The Utes hope to stay healthy after injuries derailed the women’s basketball team last season

(Chris Detrick | The Salt Lake Tribune) Utah Utes guard/forward Daneesha Provo (23) runs past Colorado Buffaloes guard Kennedy Leonard (14) and Colorado Buffaloes forward Annika Jank (25) during the game at the Huntsman Center Thursday, February 1, 2018.

The Pac-12′s high-quality women’s basketball programs is a big part of Utah coach Lynne Roberts’ pitch to recruits. The tradeoff is the Utes’ actually having to play against those teams.

The conference's scheduling rotation did Utah a partial favor last season, but not so in 2019-20. The Utes are booked for eight games against teams listed in the top half of the preseason AP Top 25: No. 1 Oregon, No. 3 Stanford, No. 7 Oregon State and No. 11 UCLA.

“This league is no joke,” Roberts said. “But it's what we all signed up for, so don't feel sorry for us. We're excited about it.”

The reality is the Utes, picked to finish seventh in the Pac-12, would do well to duplicate last season’s 9-9 conference record. They’re also likely to lose a nonconference game or two, after going 11-0 last November and December, in a season that begins Tuesday at Cincinnati. Utah’s home opener is Nov. 16 vs. South Dakota.


The Utes will succeed if: Senior forward Daneesha Provo resembles her old self and blends in well after returning to the court in December, having rehabilitated from knee surgery. The Utes kept losing players last season; adding a proven Pac-12 performer can only help. Utah also will need to persevere in a Pac-12 scheduling rotation that serves up the toughest teams.

The Utes won’t succeed if: They can’t replace All-Pac-12 player Megan Huff’s scoring. Drafted by the WNBA in April (although New York waived her in training camp), Huff was a highly valuable player, especially on offense. Guard Erika Bean, the other senior starter in 2018-19, was underrated. The Utes will have to account for her absence defensively.

Bottom line: Utah coach Lynne Roberts is a building a program that someday will contend in the Pac-12. The steady climb may level off in her fifth season, but Utah’s level of recruiting is encouraging and fans are responding well. Brynna Maxwell appears ready to thrive in the Pac-12 as a freshman, due to her shooting ability, and will be fun to watch.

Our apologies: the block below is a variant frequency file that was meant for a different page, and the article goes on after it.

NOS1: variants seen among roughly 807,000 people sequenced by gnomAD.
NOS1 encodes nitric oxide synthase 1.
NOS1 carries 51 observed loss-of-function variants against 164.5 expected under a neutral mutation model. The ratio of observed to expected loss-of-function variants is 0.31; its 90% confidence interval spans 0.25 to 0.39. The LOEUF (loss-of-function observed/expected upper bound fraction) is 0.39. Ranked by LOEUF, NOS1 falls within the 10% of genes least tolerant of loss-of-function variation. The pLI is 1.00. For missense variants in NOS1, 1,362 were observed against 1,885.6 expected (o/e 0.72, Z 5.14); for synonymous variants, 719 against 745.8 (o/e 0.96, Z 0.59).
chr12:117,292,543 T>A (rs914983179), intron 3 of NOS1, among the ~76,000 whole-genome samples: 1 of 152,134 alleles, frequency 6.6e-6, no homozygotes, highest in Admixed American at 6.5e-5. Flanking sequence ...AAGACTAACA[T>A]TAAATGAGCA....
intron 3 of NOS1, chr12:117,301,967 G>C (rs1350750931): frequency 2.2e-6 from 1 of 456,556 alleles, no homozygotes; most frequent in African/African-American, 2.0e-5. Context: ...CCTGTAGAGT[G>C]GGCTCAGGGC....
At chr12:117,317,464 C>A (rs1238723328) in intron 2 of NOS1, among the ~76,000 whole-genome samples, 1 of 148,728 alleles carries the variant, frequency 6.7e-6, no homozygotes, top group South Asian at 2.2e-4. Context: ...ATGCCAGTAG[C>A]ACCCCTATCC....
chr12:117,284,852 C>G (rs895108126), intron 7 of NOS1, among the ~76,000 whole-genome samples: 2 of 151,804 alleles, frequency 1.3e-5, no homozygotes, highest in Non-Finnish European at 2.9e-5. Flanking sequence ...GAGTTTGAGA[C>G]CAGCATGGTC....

Roberts can only hope that a young team develops quickly enough to compete with the Pac-12′s elite teams — and beat the others. The Utes upset Stanford last year, but didn’t have to play the Cardinal on the road, while meeting the Oregon schools only once each.

Utah will have considerably more depth, though. The Utes were down to seven active players, due mostly to injuries and transfers' ineligibility, by late February. With her players worn down, Roberts halted the season after a quarterfinal loss in the Pac-12 tournament, rather than play in the WNIT.

The personnel outlook is much better now, even though Pac-12 Freshman of the Year Dre’Una Edwards transferred to Kentucky. The future also is encouraging. The enrollment of Lola Pendande, a post player from Spain, was delayed for a year. But just makes her part of a talented freshman class with highly recruited guards Kemery Martin, from Corner Canyon High School, and Brynna Maxwell, from the Seattle area.

“This team is, like, go-getters,” said senior forward Kiana Moore. “Every time I step on the court with them, it’s like, ‘We’re getting after it today.’ ”

Maxwell led Utah with 15 points, including three 3-pointers, in an 88-58 exhibition win over Westminster College. Roberts raved about Maxwell's shooting ability when preseason practice started in September, and she hardly was exaggerating. “Truly,” Roberts said, “any time she misses, it is, 'Really? What happened? Is the ball an oval? Is the rim bent?' Everyone's going to love her.”

The roster is skewed toward youth. Utah's starters vs. Westminster included Pendande, Moore, sophomores Dru Gylten and Andrea Torres and junior Julie Brousseau, a transfer from Maine.

“We definitely have some phenomenal upperclassmen,” Roberts said, “but they’re way outnumbered. … As it goes with youth, there’ll be amazing days and challenging days.”


(All times Mountain)

Tuesday – at Cincinnati, 5 p.m.

Thursday – at Xavier, 5 p.m.

Nov. 16 – South Dakota, noon.

Nov. 22 – vs. Texas Southern, Honolulu, 3 p.m.

Nov. 24 – vs. Texas-San Antonio, Honolulu, 3 p.m.

Nov. 29 – at BYU, 7 p.m.

Dec. 5 – Oral Roberts, 7 p.m.

Dec. 14 – Nevada, 11:30 a.m.

Dec. 16 – Providence, 7 p.m.

Dec. 20 – Weber State, noon.

Dec. 29 – Colorado, 2 p.m.

Jan. 3 – at Oregon State, 8 p.m.

Jan. 5 – at Oregon, 3 p.m.

Jan. 10 – UCLA, 7 p.m.

Jan. 12 – USC, noon.

Jan. 17 – at Colorado, 6:30 p.m.

Jan. 24 – at California, 1 p.m.

Jan. 26 – at Stanford, 1 p.m.

Jan. 30 – Oregon, 8 p.m.

Feb. 1 – Oregon State, noon.

Feb. 7 – at Washington, 8 p.m.

Feb. 9 – at Washington State, 1 p.m.

Feb. 14 – Stanford, 7 p.m.

Feb. 16 – California, noon.

Feb. 21 – Arizona, 7 p.m.

Feb. 23 – Arizona State, noon.

Feb. 28 – at USC, 7 p.m.

March 1 – at UCLA, 2 p.m.

March 5-8 – Pac-12 tournament, Las Vegas.